Hillary's social media launch; Rand Paul's scolding style

How she's bypassing the press


This is a rush transcript from "MediaBuzz," April 12, 2015. This copy may not be in its final form and may be updated.

HOWARD KURTZ, HOST: This is a Fox News alert. I'm Howard Kurtz in Washington and this is "MediaBuzz." Hillary Clinton finally jumping into the presidential race today and Fox News chief white house correspondent he Ed Henry is live in Iowa, Ed, it's a rather unorthodox rollout isn't it?

ED HENRY, FOX NEWS CHIEF WHITEHOUSE CORRESPONDENT: No doubt about it Howie, remember after the e-mail trouble started, she gave this speech in Washington where she talked about new beginnings, that she's a new grandma, she wanted a new relationship with the media. But I can tell you in the last couple days; it's been the same old Clinton team as we've tried to define how this rollout will play out, every last detail treated like a state secret. We have been able to get at least a couple key elements of what the campaign will look like after this video pops today on social media. Unlike 2007, where she always had a video on social media and said I'm in and then waited a week before going on the campaign trail, this time we expect her to get to Iowa, other key states to show she's assuming nothing. Second, we've obtained a memo from her campaign manager saying what will dominate her campaign is fighting for the middle class, income inequality, the same message that has animated President Obama who by the way all but endorsed her yesterday at a news conference. And that is tricky business for Clinton because she could end up being too tied to what might be called a third term for an unpopular president, though she doesn't want to run too far from President Obama like Al Gore did to her husband in 2000 that backfired. Republicans meanwhile this morning are treating her like the general election candidate already. They're running ads in key states saying let's stop Hillary. She knows full well from last time that she can't assume anything. She first has to win the no democratic nomination. And in Iowa, third place like last time.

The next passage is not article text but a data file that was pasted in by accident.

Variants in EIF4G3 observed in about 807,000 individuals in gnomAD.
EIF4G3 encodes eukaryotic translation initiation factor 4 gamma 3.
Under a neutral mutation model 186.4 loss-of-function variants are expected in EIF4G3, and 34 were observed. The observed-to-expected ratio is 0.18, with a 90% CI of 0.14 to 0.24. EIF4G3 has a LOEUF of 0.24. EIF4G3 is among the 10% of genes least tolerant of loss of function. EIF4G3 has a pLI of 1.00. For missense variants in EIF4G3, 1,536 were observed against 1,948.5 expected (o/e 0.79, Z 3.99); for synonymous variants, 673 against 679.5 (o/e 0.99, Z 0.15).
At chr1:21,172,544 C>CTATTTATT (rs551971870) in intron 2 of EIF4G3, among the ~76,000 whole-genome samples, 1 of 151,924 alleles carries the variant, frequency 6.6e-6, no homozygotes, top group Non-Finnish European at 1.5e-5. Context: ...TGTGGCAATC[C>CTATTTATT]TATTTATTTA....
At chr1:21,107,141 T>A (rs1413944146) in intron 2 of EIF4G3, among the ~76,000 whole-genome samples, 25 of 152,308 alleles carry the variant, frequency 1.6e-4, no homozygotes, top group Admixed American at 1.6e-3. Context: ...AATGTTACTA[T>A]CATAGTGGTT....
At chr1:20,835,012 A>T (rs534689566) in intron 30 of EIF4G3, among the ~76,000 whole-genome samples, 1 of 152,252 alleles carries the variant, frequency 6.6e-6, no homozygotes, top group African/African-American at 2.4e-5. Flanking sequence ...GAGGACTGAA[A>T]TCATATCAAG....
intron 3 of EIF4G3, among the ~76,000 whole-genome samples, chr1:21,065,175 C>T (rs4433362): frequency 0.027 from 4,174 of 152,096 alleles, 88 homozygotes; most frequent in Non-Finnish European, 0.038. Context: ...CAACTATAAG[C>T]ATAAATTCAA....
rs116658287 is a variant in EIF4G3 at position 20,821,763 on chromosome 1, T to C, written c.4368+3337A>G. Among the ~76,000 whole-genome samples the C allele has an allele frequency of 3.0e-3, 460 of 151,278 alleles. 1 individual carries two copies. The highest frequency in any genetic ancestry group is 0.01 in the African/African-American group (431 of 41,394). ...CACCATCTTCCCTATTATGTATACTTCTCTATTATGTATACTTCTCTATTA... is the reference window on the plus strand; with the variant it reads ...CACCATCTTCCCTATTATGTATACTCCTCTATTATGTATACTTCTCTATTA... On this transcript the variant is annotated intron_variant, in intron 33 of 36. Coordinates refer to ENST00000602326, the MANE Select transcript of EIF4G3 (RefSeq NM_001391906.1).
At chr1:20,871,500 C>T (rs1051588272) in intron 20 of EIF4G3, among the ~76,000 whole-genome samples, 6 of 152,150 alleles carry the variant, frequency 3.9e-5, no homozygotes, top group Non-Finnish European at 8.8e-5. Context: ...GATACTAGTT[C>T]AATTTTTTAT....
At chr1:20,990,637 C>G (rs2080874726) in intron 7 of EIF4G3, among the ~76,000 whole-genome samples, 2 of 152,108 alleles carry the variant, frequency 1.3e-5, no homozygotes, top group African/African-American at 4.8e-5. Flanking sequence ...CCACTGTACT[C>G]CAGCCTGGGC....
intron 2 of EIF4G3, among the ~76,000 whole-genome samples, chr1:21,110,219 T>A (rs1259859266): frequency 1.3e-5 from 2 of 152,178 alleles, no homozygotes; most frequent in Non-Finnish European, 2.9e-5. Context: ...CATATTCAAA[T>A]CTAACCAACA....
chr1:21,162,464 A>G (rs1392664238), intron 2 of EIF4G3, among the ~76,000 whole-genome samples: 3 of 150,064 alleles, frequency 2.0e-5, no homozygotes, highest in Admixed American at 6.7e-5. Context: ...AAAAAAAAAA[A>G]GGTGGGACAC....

KURTZ: Ed Henry, on the ground in Iowa, thanks very much.

And joining us now, Mary Katherine Ham, Fox News contributor and editor at large at, and Susan Ferrechio, chief congressional correspondent for the Washington Examiner and Dana Milbank columnist for the Washington Post.